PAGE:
Corbitt's National Parks
  Cedar Breaks
                 National Monument


  

           



1933: National Monument

Size: 6,155 acres

2007 visitors: 514,871

Stamp: Yes

Rating (1-5):

About the Site

A huge natural amphitheater has been carved out of the wildly colorful Pink Cliffs near Cedar City, Utah. Cedar Breaks is more than 2,500 feet deep and three miles across, and the visitors center on the rim is over 10,200 feet above sea level. The view above the rim is lined with Englemann spruce, subalpine fir and aspen; broad meadows of brilliant wild flowers enchant in summertime. The amphitheater was created first by millions of years of sedimentation deposits back when Utah was covered by a vast inland sea. Then the ground was thrust up, and eroded by streams and rainfall to create a magnificent canyon of rock walls, fins, spires and columns.


What You're Going to See

Fantastic views of colorful cliffs and eroded rock spires are yours, from the visitors center parking lot! Nothing is subtle about the great natural amphitheater, wrapped in bold and brilliant colors. This is not one of Utah's famous Sites, but it's possibly the most immediately dramatic. Cedar Breaks is a product of many of the same forces that created the Grand Canyon, Zion Canyon, and Bryce Canyon, but it's a work of nature not quite like any other.

It's shaped like a huge colisseum, carved by millions of years of uplift and erosion in the steep side of the 10,000-foot-high Markagunt Plateau. Apart from the fantastic colors, the shape of the rocks themselves astonish first-time viewers. Stone Spires, columns, arches, and canyons of intricate design are amazing to see. Different combinations of manganese and iron give the rock its reds, yellows and purples. Early Indians called this the Circle of Painted Cliffs.

There are two short trails to take -- The Alpine Pond trail, and the Spectra Point/Ramparts Trail. Both offer great views of the amphitheater. The Alpine Pond trail is a 2-mile self-guided loop trail through meadows and forest. A high point is the small spring-fed pond. You can buy illustrated trail guides for both this and the Spectra trail, and I recommend you do. The Spectra trail leads for one mile to the Spectra Point Overlook. It will also take you past an ancient stand of bristlecone pines.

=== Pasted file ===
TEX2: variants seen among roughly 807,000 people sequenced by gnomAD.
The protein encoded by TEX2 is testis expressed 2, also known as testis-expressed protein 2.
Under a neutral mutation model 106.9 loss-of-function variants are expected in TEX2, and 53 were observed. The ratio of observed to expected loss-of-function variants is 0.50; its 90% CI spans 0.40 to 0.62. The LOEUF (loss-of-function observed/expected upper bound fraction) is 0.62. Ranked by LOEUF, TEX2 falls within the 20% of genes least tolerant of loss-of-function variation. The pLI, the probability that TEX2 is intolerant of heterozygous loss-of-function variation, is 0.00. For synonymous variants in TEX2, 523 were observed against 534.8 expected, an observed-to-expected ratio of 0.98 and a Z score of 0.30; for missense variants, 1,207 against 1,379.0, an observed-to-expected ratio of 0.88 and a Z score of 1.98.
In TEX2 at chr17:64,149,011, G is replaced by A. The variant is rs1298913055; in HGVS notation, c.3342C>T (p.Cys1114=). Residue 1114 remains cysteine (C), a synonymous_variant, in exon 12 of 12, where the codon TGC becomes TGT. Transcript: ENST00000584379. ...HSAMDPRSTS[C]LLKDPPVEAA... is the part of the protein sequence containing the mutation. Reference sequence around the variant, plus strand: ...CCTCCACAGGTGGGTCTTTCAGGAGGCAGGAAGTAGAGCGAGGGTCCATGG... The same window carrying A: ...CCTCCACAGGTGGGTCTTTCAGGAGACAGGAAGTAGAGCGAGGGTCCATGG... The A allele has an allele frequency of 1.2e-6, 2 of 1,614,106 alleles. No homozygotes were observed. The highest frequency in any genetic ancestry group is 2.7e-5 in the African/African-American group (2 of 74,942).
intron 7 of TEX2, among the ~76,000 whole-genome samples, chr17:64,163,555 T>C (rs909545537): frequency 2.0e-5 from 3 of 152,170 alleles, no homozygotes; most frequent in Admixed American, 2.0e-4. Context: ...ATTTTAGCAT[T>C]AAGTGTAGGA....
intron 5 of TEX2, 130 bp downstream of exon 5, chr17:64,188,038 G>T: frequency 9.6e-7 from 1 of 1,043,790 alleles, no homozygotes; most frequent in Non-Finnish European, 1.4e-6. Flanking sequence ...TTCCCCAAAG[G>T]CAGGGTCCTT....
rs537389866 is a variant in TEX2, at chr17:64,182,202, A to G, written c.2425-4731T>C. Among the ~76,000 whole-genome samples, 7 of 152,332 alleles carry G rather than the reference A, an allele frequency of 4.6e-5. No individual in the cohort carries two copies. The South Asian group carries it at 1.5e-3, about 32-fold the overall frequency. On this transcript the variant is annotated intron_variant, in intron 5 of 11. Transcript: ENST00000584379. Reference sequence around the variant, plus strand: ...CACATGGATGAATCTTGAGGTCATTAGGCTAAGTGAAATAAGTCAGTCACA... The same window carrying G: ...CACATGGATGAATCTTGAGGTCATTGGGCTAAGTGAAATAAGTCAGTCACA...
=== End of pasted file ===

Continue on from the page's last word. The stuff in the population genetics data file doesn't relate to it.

Personal Observations

Wow. I loved this place. Sure I'd heard of Zion and Bryce and Arches, but until I got caught up in National Parks I'd never heard of Cedar Breaks. It's a little surprising, since it's actually more accessible than any of those three better-known parks. Cedar City, Utah is right off I-15, and is a good destination town on its own. From one point on the rim overlooking Cedar Breaks, I could see Cedar City down below, about ten miles away (as the crow flies) and 5,000 feet lower.

The colors are unbelievable. Who knew there were rocks like this? Yellow, red, purple, orange, cream -- I was there on a partly cloudy day, and the blue sky and white clouds just highlighted the natural beauty of the place. The ski resort of Brian Head is visible to the north. I found myself taking picture after picture of the canyons down below, trying to capture the fins and spires and seemingly tiny arches. There still was snow there in late June, in shaded spots. For that reason, the Monument is pretty much closed from mid-October through May. The snow buries the roads. Winter accumulations of 10 to 15 feet aren't uncommon, though the drought of recent years has seen less than that.

I highly recommend hiking the Alpine Pond loop if you get the chance. It's a two-mile loop that's fairly easy, although you should remember the rim is over 10,000 feet above sea level. My three boys of 13, 9, and 6 had no problem with the trail. We were a little bit early for the best flowers, I think, but there were a few good places in the meadows and between the trees, plants and flowers that just shone with color. We even had time for a little snowfight. There were a few places along the trail that offered overlooks of the canyon, and a few places where we could walk the other direction and catch the road, if we had gotten tired.


Getting There

Take I-15 from Las Vegas or Salt Lake City to Cedar City, Utah. Go east on Highway 14 for approximately 17 miles to the Hiwhway 148 turnoff. Go north for about three miles and you'll find the visitors center.


Nearby Attractions

Cedar City is an excellent jumping-off spot for southwestern Utah, or a destination in itself. Brian Head ski resort is about ten miles to the north. Zion National Park is 40 miles to the south. Another 60 miles southeast beyond that is Grand Canyon-Parashant National Monument. Pipe Springs National Monument is 80 miles to the south. To the southeast are Grand Staircase-Escalante National Monument, and Vermilion Cliffs National Monument, and Glen Canyon National Recreation Area. Capitol Reef National Park is about 90 miles to the northeast. Bryce Canyon National Park is 40 miles to the east. Las Vegas is about three hours southwest on I-15, and Salt Lake City is about four hours north on I-15.

Visited June 2004.